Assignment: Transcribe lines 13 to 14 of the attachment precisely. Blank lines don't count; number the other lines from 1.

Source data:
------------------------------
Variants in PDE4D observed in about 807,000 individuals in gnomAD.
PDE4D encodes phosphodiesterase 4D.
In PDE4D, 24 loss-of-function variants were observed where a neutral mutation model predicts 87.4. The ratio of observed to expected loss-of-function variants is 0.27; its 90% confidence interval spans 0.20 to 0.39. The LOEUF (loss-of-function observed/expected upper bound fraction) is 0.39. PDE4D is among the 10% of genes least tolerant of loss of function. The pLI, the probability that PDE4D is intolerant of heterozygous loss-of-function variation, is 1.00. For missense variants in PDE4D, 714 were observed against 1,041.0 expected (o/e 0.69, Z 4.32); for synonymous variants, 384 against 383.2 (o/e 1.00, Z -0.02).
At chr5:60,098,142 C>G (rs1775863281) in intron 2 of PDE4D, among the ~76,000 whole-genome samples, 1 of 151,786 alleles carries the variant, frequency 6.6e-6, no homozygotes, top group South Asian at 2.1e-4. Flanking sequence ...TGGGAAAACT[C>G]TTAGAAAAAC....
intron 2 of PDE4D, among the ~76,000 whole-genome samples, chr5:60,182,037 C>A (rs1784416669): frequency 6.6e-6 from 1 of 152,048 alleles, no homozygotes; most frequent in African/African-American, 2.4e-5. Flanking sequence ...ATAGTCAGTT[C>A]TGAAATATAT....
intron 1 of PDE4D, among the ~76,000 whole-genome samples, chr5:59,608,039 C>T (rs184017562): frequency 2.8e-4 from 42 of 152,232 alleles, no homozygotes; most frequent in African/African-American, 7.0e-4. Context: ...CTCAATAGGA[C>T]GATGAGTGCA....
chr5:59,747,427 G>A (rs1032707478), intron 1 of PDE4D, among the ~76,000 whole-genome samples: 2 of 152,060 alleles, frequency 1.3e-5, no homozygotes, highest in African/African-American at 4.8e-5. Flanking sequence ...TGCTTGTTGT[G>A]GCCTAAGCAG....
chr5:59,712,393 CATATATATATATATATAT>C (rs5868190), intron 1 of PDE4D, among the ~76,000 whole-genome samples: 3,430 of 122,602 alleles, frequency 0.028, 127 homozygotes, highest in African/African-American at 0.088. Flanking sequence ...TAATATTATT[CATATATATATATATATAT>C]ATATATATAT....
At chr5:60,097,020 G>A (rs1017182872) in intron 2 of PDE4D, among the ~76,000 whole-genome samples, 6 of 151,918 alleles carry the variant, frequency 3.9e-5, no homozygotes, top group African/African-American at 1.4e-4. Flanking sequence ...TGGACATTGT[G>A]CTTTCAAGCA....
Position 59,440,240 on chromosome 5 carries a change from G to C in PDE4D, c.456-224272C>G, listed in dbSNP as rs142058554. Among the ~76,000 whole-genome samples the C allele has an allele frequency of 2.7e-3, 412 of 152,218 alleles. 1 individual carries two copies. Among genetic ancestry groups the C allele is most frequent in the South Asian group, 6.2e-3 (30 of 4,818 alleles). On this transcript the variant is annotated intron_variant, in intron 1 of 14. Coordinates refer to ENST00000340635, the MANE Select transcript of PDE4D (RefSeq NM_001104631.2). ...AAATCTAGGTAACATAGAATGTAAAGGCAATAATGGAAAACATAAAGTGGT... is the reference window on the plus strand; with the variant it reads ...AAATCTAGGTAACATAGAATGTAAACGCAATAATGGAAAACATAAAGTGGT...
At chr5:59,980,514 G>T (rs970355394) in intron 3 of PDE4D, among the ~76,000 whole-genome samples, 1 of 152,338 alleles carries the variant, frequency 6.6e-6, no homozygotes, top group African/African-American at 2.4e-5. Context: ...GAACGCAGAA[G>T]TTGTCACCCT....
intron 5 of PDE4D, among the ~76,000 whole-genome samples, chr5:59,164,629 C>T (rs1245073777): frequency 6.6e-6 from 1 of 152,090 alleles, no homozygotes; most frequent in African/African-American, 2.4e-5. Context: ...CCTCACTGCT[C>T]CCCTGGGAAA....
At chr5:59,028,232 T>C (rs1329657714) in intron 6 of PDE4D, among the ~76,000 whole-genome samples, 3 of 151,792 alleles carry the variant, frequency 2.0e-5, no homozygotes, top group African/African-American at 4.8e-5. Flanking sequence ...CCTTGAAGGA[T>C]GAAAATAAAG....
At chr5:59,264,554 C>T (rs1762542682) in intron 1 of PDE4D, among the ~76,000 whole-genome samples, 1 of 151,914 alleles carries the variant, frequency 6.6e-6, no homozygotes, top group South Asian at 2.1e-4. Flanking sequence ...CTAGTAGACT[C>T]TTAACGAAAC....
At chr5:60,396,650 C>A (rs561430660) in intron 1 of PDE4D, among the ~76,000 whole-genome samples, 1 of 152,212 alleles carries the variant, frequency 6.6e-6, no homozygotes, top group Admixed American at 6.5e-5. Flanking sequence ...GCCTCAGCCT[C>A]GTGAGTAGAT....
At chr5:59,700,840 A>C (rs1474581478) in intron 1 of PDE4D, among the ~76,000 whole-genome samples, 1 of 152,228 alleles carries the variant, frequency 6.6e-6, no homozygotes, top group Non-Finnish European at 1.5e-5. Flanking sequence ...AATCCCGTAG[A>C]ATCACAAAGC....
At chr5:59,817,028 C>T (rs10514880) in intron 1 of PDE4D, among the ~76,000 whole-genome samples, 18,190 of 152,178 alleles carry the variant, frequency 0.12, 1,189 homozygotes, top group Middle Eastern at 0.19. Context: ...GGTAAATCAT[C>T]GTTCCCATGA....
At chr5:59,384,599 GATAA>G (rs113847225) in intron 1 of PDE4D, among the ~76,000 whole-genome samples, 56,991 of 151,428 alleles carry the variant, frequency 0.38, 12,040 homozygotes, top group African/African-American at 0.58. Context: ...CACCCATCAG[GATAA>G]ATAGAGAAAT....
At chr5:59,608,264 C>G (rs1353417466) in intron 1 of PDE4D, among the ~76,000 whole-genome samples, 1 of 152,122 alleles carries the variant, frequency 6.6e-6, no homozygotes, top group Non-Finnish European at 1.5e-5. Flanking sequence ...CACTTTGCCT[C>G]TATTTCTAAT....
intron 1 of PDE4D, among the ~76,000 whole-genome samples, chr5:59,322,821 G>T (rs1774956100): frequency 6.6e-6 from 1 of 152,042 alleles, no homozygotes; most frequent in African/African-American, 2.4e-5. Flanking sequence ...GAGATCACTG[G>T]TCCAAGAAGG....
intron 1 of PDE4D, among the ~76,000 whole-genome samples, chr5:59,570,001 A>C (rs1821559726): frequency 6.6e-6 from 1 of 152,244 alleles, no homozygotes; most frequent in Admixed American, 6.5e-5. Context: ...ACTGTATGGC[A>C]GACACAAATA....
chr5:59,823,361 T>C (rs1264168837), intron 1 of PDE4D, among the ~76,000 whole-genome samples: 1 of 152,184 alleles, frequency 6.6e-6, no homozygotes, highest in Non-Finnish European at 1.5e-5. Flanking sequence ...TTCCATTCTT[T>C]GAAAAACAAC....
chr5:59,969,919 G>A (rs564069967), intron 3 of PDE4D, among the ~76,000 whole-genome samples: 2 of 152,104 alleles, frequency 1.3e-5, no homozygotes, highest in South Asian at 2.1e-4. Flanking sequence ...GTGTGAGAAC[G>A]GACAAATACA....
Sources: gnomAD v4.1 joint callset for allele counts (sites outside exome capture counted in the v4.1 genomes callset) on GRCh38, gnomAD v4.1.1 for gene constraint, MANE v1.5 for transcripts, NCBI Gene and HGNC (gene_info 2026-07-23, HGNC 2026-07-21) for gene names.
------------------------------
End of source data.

At chr5:59,028,232 T>C (rs1329657714) in intron 6 of PDE4D, among the ~76,000 whole-genome samples, 3 of 151,792 alleles carry the variant, frequency 2.0e-5, no homozygotes, top group African/African-American at 4.8e-5. Flanking sequence ...CCTTGAAGGA[T>C]GAAAATAAAG....
At chr5:59,264,554 C>T (rs1762542682) in intron 1 of PDE4D, among the ~76,000 whole-genome samples, 1 of 151,914 alleles carries the variant, frequency 6.6e-6, no homozygotes, top group South Asian at 2.1e-4. Flanking sequence ...CTAGTAGACT[C>T]TTAACGAAAC....